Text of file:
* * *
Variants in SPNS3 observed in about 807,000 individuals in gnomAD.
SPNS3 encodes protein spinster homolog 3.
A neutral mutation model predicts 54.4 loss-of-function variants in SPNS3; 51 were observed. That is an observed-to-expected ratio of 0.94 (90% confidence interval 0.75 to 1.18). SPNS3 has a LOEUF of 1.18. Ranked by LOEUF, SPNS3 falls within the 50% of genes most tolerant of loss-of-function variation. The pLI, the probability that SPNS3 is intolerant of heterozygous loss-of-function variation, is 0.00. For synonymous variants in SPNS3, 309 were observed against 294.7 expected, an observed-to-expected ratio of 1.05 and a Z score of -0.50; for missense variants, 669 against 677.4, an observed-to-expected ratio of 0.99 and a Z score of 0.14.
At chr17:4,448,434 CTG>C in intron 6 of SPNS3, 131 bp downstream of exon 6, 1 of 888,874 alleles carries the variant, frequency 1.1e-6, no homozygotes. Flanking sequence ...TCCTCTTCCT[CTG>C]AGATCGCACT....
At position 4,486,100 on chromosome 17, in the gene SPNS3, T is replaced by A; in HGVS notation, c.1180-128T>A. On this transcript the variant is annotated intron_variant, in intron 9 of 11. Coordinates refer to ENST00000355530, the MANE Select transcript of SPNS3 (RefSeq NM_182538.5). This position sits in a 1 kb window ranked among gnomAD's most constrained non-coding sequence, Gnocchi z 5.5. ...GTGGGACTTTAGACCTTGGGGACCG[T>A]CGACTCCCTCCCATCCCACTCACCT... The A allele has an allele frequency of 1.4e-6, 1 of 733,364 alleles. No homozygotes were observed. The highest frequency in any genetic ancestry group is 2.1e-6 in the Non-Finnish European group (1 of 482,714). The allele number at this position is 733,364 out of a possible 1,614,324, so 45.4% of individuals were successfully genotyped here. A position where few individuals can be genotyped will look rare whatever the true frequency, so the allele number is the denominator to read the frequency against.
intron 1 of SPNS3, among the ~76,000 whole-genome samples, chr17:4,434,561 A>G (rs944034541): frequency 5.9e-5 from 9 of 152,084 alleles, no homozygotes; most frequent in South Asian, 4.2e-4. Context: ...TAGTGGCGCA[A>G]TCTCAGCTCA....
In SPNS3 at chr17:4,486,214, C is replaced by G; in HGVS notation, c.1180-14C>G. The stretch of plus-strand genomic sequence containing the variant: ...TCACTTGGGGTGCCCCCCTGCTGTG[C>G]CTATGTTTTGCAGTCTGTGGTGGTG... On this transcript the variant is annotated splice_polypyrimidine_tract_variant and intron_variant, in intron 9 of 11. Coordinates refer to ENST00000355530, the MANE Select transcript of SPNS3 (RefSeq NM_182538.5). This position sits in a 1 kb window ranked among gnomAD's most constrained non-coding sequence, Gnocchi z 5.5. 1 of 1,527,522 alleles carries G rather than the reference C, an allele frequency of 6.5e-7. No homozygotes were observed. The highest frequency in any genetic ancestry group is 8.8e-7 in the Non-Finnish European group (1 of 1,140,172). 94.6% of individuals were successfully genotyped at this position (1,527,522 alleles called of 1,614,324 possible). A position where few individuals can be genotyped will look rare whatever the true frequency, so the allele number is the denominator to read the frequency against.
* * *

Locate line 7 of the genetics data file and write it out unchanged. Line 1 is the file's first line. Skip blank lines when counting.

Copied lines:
In SPNS3 at chr17:4,486,214, C is replaced by G; in HGVS notation, c.1180-14C>G. The stretch of plus-strand genomic sequence containing the variant: ...TCACTTGGGGTGCCCCCCTGCTGTG[C>G]CTATGTTTTGCAGTCTGTGGTGGTG... On this transcript the variant is annotated splice_polypyrimidine_tract_variant and intron_variant, in intron 9 of 11. Coordinates refer to ENST00000355530, the MANE Select transcript of SPNS3 (RefSeq NM_182538.5). This position sits in a 1 kb window ranked among gnomAD's most constrained non-coding sequence, Gnocchi z 5.5. 1 of 1,527,522 alleles carries G rather than the reference C, an allele frequency of 6.5e-7. No homozygotes were observed. The highest frequency in any genetic ancestry group is 8.8e-7 in the Non-Finnish European group (1 of 1,140,172). 94.6% of individuals were successfully genotyped at this position (1,527,522 alleles called of 1,614,324 possible). A position where few individuals can be genotyped will look rare whatever the true frequency, so the allele number is the denominator to read the frequency against.